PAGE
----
That stopped her. “Sorry,” she said. “But you know it’s true. We’ve been working together for years and we’ve never got along well. Soon enough we’ll realize that on the outside, when we’re Unplugged.”

I wasn’t so sure but couldn’t think of a way of saying so without sounding petulant.

Jason too looked less than convinced. “Alex said you two had another date planned for this weekend.”

“We didn’t actually nail down any plans,” said Raaj. “Maybe we won’t even see each other again.”

She was avoiding my eyes. There was no doubt that, once Unplugged and home, I was definitely going to call Raajaa and make plans for Saturday.

We worked in such close proximity there was no avoiding each other. When Jason and Raaj disappeared for their lunchtime tryst I remained in my cubicle, staring woodenly at the faded Dilbert comics pinned to the padded blue-grey wall. Was Raaj right, would we soon realize how much we disliked each other? Right now it seemed a very real possibility, but I could remember how I felt last night as we sat talking. She collected old computers! How could we not get along?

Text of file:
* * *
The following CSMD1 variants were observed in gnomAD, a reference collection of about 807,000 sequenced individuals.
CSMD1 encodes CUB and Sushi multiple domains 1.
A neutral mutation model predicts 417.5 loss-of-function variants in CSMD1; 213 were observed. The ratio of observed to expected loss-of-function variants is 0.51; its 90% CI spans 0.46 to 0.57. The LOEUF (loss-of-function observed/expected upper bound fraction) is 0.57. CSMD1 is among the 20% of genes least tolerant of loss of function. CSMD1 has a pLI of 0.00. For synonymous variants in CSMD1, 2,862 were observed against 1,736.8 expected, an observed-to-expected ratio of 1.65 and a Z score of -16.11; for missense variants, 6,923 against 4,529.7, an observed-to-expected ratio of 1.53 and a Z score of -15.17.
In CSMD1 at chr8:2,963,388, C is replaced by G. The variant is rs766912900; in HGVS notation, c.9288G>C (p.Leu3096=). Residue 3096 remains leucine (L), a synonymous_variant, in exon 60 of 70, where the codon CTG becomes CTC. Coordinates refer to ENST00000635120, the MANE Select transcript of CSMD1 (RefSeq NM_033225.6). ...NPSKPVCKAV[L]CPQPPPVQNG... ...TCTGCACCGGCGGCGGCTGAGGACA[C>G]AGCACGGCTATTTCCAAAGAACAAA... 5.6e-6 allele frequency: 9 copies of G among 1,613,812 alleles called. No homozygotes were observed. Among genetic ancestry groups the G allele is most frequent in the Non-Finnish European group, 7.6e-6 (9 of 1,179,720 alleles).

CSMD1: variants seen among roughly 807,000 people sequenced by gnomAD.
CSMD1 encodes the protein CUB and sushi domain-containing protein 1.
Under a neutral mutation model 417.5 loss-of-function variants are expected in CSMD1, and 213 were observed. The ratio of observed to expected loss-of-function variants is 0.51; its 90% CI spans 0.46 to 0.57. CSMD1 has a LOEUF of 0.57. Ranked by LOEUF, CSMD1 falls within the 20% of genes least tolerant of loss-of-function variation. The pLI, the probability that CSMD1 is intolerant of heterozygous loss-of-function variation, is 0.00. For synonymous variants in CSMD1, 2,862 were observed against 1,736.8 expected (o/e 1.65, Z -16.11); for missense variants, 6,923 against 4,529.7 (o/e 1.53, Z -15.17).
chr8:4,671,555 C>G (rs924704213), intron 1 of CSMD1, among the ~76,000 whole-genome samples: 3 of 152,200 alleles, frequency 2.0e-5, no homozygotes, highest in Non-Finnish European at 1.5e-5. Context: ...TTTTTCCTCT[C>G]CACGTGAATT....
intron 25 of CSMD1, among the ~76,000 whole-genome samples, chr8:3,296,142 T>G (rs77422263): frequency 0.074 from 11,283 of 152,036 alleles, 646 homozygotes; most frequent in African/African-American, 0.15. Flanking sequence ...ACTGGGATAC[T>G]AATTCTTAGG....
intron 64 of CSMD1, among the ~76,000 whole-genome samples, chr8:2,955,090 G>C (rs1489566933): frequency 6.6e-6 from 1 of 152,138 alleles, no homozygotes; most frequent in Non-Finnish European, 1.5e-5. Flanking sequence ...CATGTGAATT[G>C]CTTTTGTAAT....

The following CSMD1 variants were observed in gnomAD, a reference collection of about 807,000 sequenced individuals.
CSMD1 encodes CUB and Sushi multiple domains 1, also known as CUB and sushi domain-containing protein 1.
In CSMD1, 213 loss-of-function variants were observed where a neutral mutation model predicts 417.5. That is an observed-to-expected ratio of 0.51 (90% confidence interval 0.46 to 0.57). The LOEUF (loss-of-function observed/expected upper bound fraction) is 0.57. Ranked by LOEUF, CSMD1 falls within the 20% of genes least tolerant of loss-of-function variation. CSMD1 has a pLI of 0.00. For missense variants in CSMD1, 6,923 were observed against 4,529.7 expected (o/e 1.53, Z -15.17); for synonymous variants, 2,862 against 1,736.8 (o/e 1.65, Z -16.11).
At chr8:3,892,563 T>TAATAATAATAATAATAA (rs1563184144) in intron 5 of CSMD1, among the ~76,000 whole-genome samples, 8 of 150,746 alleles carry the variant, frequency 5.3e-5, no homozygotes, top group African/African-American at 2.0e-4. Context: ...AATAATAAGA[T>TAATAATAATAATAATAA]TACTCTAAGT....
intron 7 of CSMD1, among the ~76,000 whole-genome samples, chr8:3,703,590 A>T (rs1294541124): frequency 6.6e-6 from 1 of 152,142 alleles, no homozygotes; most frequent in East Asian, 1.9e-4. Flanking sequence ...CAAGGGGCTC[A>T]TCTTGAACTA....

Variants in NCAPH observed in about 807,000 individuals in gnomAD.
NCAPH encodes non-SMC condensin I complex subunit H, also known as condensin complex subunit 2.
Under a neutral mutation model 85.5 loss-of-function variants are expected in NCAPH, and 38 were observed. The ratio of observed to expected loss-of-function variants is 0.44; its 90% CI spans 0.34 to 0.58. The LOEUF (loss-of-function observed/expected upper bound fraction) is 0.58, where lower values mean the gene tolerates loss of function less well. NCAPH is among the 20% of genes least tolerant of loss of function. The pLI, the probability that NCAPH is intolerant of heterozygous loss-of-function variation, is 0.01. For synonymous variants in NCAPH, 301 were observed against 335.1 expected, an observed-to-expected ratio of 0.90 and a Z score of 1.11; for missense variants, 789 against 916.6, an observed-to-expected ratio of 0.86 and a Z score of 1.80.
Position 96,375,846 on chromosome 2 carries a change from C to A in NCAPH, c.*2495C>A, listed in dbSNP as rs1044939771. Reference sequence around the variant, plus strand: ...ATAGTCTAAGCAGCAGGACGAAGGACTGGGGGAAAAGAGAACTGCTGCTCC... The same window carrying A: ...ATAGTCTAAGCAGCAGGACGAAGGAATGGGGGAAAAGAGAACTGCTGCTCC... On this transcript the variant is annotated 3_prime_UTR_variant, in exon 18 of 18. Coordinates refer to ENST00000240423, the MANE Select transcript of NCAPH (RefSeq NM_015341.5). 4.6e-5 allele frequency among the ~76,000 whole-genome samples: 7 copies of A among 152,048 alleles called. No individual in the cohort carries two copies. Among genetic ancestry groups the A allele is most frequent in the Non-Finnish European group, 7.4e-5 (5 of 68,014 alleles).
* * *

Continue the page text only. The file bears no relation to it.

The rest of the day was hell.

Alex Baker – UNPLUGGED.

Friday, Oct 20th, 2023. 7:13pm

I exited Introspec and looked around for Jason but he was nowhere to be seen. No real surprise, Jason often left on time. I had to admire his ability to walk away from a project–no matter what stage it was at–at 5pm to head for home. Perhaps if I could do that I’d have more than three hours of ‘real life’ a day.